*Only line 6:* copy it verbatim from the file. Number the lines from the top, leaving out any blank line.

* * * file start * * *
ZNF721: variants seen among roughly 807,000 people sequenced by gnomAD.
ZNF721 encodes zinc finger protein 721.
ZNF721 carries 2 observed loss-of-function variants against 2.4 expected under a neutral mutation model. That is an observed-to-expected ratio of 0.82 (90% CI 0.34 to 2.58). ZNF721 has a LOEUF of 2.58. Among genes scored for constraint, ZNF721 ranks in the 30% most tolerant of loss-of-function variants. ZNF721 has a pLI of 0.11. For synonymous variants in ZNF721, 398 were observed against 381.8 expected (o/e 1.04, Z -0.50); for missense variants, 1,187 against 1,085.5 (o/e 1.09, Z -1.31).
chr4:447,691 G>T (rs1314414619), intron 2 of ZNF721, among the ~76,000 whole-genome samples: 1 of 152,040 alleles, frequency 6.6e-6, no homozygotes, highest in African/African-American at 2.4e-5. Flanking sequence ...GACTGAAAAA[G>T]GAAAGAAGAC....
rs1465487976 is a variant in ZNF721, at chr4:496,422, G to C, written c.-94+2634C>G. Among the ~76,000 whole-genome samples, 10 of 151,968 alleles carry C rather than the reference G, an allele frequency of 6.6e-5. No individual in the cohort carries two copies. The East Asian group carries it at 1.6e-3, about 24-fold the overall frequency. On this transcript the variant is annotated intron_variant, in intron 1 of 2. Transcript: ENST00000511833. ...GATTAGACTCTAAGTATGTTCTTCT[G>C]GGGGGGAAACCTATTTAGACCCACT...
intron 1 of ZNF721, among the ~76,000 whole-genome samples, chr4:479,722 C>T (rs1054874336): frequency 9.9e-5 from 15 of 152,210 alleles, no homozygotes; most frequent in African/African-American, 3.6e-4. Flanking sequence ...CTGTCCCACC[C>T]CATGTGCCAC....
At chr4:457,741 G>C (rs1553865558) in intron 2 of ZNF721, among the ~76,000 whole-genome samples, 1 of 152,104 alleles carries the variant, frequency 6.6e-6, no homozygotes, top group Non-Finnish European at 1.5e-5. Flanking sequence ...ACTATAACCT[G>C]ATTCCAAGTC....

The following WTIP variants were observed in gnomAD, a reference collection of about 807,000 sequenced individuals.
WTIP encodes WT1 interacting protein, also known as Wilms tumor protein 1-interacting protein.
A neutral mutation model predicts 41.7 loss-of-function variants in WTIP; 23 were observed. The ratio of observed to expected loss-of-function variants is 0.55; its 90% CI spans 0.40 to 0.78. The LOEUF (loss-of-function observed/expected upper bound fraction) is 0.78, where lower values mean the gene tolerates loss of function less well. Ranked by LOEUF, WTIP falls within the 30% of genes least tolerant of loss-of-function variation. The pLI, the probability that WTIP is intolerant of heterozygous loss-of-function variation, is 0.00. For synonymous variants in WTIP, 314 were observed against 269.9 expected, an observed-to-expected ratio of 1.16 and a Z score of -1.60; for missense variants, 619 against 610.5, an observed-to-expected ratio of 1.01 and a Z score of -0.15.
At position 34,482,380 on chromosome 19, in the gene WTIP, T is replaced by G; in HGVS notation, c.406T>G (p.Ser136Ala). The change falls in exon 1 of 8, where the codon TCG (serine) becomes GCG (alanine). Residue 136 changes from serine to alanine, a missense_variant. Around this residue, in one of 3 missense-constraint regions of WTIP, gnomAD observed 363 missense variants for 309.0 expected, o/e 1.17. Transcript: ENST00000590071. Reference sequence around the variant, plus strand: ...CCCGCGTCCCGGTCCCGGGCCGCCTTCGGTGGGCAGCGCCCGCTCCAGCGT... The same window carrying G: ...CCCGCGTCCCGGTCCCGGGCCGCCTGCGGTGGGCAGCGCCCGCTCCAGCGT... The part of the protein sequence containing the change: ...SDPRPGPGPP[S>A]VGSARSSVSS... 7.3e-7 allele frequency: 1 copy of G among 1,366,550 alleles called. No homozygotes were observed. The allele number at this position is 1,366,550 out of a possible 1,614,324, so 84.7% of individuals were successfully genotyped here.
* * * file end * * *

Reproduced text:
intron 1 of ZNF721, among the ~76,000 whole-genome samples, chr4:479,722 C>T (rs1054874336): frequency 9.9e-5 from 15 of 152,210 alleles, no homozygotes; most frequent in African/African-American, 3.6e-4. Flanking sequence ...CTGTCCCACC[C>T]CATGTGCCAC....